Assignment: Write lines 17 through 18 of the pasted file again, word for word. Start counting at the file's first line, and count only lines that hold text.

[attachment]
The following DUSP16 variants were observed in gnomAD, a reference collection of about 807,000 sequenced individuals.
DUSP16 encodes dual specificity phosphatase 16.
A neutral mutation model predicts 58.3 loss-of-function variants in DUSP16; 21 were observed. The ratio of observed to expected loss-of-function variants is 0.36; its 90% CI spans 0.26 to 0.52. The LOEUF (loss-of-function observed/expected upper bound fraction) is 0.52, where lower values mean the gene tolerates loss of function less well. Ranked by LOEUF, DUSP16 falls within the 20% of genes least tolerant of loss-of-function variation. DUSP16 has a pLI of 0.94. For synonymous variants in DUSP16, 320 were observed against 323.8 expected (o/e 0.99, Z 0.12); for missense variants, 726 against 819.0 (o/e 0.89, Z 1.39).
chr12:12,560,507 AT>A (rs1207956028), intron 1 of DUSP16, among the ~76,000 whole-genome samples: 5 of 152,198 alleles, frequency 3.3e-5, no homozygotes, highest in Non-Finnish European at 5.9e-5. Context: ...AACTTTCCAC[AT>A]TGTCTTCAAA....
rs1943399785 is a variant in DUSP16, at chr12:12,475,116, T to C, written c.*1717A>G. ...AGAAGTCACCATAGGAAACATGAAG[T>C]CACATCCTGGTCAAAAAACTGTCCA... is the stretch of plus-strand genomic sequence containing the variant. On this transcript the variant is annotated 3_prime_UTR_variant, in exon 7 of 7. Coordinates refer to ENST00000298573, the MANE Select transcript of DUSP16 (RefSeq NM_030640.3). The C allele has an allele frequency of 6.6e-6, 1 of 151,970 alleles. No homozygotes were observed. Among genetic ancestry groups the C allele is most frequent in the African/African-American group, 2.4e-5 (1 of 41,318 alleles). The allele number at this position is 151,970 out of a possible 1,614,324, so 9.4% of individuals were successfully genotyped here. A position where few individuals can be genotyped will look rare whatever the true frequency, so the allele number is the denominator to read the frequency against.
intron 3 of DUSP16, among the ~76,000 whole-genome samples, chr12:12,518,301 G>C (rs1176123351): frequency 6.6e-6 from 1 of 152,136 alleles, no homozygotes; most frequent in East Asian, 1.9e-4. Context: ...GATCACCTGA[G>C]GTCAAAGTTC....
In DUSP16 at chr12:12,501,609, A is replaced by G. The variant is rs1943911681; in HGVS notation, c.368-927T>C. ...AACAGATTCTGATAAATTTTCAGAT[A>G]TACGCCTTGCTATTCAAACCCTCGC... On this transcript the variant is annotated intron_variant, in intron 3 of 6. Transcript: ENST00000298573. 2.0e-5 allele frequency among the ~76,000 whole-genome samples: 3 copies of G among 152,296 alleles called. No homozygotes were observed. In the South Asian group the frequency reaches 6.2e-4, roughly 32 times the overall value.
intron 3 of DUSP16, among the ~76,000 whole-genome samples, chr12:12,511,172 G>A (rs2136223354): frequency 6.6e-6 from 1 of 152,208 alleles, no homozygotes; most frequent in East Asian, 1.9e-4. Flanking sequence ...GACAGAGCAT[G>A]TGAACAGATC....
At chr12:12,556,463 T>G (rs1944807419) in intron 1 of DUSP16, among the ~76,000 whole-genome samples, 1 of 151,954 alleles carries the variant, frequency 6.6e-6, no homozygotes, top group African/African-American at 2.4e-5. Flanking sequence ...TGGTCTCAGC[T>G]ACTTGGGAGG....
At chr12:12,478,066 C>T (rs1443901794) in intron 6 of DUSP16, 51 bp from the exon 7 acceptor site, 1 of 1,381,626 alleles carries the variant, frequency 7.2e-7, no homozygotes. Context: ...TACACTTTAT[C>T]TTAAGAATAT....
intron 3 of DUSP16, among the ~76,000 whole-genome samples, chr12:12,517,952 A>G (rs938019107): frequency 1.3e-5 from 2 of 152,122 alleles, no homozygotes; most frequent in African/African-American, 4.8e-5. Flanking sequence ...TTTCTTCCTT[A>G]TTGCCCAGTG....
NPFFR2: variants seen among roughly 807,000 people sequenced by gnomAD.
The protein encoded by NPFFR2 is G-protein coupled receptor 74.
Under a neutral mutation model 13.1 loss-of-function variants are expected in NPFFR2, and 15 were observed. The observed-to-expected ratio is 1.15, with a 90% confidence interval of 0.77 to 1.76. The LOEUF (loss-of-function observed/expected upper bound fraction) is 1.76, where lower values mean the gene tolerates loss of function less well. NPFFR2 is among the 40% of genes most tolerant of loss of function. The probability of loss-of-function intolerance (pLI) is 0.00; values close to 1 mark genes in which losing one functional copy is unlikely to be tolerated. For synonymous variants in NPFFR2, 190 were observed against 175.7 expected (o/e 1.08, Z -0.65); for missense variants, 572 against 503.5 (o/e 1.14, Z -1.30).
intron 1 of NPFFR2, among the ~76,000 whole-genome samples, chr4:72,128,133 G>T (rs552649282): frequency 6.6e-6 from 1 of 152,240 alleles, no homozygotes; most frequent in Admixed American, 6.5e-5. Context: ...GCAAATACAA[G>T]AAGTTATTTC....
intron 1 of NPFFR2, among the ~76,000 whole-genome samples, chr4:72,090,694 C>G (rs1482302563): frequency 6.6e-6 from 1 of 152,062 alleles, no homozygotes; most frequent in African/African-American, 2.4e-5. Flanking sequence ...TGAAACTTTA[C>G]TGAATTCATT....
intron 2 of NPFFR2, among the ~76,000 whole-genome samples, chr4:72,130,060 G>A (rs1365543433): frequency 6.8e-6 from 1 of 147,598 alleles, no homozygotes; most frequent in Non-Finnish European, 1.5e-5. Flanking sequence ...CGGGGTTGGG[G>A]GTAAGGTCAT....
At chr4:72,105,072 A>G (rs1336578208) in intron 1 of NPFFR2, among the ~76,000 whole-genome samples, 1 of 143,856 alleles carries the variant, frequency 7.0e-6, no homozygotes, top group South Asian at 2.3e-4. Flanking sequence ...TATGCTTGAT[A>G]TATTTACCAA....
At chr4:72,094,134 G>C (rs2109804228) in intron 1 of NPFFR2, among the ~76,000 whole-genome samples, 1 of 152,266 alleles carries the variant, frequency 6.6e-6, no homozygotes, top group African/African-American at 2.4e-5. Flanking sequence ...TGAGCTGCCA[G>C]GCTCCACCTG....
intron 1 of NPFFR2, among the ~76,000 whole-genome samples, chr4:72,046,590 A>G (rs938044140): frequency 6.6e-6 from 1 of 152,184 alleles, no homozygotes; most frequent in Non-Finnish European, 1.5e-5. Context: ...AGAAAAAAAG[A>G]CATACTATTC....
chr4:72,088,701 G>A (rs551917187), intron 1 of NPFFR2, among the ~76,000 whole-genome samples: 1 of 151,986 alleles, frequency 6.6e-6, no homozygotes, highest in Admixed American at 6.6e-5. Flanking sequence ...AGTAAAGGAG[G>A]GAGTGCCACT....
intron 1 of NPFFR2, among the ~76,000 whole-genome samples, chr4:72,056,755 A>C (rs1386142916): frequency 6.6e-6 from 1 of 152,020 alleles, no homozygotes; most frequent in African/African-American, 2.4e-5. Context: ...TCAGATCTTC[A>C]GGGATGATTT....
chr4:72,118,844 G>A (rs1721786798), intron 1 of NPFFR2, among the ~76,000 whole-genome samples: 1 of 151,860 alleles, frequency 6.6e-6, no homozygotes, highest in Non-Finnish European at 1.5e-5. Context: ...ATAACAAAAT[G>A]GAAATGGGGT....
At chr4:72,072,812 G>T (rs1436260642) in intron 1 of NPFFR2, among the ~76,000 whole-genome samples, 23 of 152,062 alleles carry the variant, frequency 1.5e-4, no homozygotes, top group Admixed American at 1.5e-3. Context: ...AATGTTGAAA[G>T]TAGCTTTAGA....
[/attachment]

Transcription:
intron 2 of NPFFR2, among the ~76,000 whole-genome samples, chr4:72,130,060 G>A (rs1365543433): frequency 6.8e-6 from 1 of 147,598 alleles, no homozygotes; most frequent in Non-Finnish European, 1.5e-5. Flanking sequence ...CGGGGTTGGG[G>A]GTAAGGTCAT....
At chr4:72,105,072 A>G (rs1336578208) in intron 1 of NPFFR2, among the ~76,000 whole-genome samples, 1 of 143,856 alleles carries the variant, frequency 7.0e-6, no homozygotes, top group South Asian at 2.3e-4. Flanking sequence ...TATGCTTGAT[A>G]TATTTACCAA....